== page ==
World Vision Introduces Unconventional Gift Catalogue to New York City for the Holidays
NEW YORK — While many of the holiday shops in Bryant Park's Winter Village in New York City boasted conventional gifts like art and jewelry on Tuesday, only one, global Christian humanitarian organization World Vision, offered to deliver goats, sheep, cows and donkeys to needy people all over the developing world.
The organization for the first time this week, brought their holiday gift catalogue to life with an interactive pop-up shop at the park to demonstrate to New York City's cosmopolitan crowd how they could give different types of gifts this year like helping families in the developing world get better access to clean water or empower them economically with the purchase of a goat or some chickens or even commit to sponsoring a child.
They also featured various ways to gift help to Americans in places like Puerto Rico, Texas and the U.S. Virgin Islands which were hit by major hurricanes this year.
"New York City is the capital of the world. In the two days we have been here we have come in contact with people from all over the world and Bryant Park is a great place to have this conversation because it's a very central cost effective way to reach a lot of people," Wendy Pinero-DePencier, vice president of brand and communications at World Vision said.
At 8:30 p.m. on Wednesday night, World Vision is expected to wrap up their interactive pop-up shop in the park after a three-day run and some people who had never heard of the organization before said the idea has given them a different perspective on giving.
"I think a lot of people are tactile learners and this is a way of getting them to understand something that they might not," said Jen Nista from Brooklyn who had come to the store with friend, Marlon Davis, to learn about the work of World Vision.
They both took part in the shop's water walk activity which was designed to give people a taste of what it's like for a child who walks hours a day to collect water in the developing world. Another station in the shop allowed participants to virtually walk with a 5-year-old girl from Kenya named Cheru to fetch water.
"How do you give back to others?" asked DePencier. "If World Vision had a brick and mortar store, it would look like this. It has an example of all the ministries that we do and it's an opportunity to give something on behalf of somebody else ... this is a positive invitation for everybody to consider as they go about their holiday shopping. Something you can put on your list that actually helps somebody else across the world."
Davis who had just begun to explore World Vision's Give Back Gift Shop when he spoke with The Christian Post said he had never heard of World Vision before visiting the store. He explained that he normally gives to charities and would be taking a closer look at the global charity as he considers what to give this season.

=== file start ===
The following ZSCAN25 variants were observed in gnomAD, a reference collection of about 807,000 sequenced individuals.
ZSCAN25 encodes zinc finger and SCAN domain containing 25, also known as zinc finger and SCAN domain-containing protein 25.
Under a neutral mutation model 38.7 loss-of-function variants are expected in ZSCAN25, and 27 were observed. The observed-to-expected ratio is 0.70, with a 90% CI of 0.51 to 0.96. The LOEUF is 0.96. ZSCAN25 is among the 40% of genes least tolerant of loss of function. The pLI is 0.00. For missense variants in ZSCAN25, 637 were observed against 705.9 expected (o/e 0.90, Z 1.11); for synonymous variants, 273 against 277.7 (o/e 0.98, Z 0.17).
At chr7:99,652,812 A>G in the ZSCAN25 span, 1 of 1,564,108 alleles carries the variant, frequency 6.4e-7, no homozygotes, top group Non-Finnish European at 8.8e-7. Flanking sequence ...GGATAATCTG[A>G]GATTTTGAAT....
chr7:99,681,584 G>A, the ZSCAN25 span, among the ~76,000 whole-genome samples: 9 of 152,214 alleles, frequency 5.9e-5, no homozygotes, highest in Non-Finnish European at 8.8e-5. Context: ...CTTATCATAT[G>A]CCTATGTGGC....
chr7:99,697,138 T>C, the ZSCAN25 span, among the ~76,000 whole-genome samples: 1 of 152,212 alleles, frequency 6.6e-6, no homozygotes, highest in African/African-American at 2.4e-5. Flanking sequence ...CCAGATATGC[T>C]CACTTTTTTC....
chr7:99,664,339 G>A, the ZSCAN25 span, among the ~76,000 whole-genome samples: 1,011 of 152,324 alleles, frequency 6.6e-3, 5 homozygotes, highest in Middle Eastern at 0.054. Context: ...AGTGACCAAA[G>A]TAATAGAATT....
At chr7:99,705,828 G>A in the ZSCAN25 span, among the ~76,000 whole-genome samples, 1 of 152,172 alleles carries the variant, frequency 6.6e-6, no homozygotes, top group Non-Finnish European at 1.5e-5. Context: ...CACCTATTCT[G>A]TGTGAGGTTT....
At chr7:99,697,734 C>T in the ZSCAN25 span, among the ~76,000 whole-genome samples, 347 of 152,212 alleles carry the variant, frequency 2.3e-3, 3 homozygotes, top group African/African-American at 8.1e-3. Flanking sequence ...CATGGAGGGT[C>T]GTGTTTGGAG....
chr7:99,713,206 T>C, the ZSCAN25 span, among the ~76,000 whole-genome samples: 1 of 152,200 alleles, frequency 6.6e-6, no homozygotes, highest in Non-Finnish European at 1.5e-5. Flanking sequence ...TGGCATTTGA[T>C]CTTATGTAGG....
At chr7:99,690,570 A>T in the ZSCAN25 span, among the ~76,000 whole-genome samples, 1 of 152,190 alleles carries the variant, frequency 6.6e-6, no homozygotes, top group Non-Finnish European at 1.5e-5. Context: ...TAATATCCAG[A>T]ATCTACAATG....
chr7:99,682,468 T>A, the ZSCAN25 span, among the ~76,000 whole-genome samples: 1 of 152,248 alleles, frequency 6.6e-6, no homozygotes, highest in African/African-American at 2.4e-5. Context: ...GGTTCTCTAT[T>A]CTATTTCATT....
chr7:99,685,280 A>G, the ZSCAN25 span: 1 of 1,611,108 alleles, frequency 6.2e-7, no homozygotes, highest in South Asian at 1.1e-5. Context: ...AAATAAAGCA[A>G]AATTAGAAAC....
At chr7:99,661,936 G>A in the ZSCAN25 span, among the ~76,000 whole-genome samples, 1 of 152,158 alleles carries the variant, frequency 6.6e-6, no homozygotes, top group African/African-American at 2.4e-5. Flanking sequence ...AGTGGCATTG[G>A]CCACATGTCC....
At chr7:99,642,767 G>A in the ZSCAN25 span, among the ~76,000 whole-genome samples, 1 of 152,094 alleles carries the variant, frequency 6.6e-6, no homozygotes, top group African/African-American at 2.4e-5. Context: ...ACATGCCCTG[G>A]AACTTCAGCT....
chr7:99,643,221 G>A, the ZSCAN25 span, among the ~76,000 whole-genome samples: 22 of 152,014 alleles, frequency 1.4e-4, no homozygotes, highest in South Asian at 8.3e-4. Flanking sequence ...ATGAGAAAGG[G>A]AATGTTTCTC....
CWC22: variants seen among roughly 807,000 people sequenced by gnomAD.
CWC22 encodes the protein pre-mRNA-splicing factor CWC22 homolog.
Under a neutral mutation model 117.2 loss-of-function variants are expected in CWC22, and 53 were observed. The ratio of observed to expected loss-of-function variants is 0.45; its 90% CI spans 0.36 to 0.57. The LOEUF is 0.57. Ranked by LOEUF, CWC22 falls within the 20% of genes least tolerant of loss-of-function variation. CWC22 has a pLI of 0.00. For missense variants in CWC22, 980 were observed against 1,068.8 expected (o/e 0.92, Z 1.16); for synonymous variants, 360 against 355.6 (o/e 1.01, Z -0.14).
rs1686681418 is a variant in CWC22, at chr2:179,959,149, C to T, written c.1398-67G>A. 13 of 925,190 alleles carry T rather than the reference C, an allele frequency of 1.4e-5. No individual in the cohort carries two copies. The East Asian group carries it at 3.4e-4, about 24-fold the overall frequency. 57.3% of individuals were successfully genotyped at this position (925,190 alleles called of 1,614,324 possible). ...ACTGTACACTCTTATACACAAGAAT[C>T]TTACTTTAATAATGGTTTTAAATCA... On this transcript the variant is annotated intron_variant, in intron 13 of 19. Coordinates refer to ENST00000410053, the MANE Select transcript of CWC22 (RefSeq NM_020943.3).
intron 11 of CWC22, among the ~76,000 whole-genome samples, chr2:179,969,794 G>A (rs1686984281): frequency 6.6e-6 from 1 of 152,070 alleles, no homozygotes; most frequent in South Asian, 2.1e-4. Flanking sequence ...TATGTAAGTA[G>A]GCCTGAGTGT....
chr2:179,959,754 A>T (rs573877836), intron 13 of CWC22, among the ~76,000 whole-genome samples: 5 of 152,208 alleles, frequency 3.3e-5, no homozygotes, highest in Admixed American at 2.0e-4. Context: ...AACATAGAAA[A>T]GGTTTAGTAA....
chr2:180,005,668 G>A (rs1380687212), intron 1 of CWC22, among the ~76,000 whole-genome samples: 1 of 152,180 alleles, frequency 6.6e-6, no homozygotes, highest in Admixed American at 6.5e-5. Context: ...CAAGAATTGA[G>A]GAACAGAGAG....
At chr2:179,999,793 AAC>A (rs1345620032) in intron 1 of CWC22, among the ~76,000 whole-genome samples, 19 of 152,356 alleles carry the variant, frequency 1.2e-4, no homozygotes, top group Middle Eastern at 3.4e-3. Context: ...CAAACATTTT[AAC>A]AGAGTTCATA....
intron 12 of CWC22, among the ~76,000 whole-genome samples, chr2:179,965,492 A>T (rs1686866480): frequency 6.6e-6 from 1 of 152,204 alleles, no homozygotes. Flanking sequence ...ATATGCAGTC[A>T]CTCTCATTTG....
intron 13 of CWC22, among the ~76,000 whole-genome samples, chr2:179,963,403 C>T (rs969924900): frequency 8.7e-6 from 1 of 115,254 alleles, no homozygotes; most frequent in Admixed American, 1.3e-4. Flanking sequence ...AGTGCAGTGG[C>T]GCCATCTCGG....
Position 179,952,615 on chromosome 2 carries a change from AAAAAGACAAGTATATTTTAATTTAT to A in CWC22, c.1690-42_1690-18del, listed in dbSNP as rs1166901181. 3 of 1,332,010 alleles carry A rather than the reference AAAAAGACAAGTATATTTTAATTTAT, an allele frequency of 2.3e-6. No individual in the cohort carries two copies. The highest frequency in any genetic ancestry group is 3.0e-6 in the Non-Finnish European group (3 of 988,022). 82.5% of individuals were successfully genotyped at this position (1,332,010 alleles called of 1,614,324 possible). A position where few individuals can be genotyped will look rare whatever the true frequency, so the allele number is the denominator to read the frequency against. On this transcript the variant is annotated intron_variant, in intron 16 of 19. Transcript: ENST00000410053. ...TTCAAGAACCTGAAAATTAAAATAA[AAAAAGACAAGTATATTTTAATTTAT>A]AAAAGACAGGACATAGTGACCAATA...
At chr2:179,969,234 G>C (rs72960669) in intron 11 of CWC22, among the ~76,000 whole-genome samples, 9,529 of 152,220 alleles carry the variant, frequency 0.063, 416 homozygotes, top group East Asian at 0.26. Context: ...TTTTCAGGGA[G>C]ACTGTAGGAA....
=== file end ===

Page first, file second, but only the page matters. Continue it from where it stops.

Dana Hadigian, a business woman and Christian who traveled from Maryland to volunteer for World Vision said she currently sponsors six children through the organization and praised them for their non-exclusionary policy.
"We will work in any country, even countries that will not let us preach the gospel. We're not exclusionary even though we deeply believe in Christ. If we can preach it we will but if we can't, then we give them God's love," Hadigian said from her post inside a Mongolian Ger which people can also sponsor.
"A lot of these items are things they don't realize like the malaria blanket, and things like that, that malaria can be eradicated. That these things actually work," she explained of the various gifts from the catalogue.
Suzanne Arrison, a teacher and child ambassador volunteer with World Vision from McClean, Virginia, said she currently sponsors five children spread across Myanmar, Brazil and Ghana.
"It's been fun to watch them grow," she said.
"I have three boys and had been wanting to show them how to help children around the world. And they've actually been able to grow up with these kids," Arrison added.
"They write us letters and we write them back and I even had the mom write us from Brazil. When I used to teach first grade or second grade my class wrote letters and the mom wrote me back ... it's been a big part of my life as a mother and a person to make a difference in the world," she further explained.
Commenting on how the day had been for Giving Tuesday, Arrison said: "It's days like this that I wish they would last forever because I love making a difference. I wish I could do it every day. It's great talking to people from around the country and around the world."
DePencier said she hopes that with the message behind World Vision's pop-up store people will consider giving one of their gifts that help people live.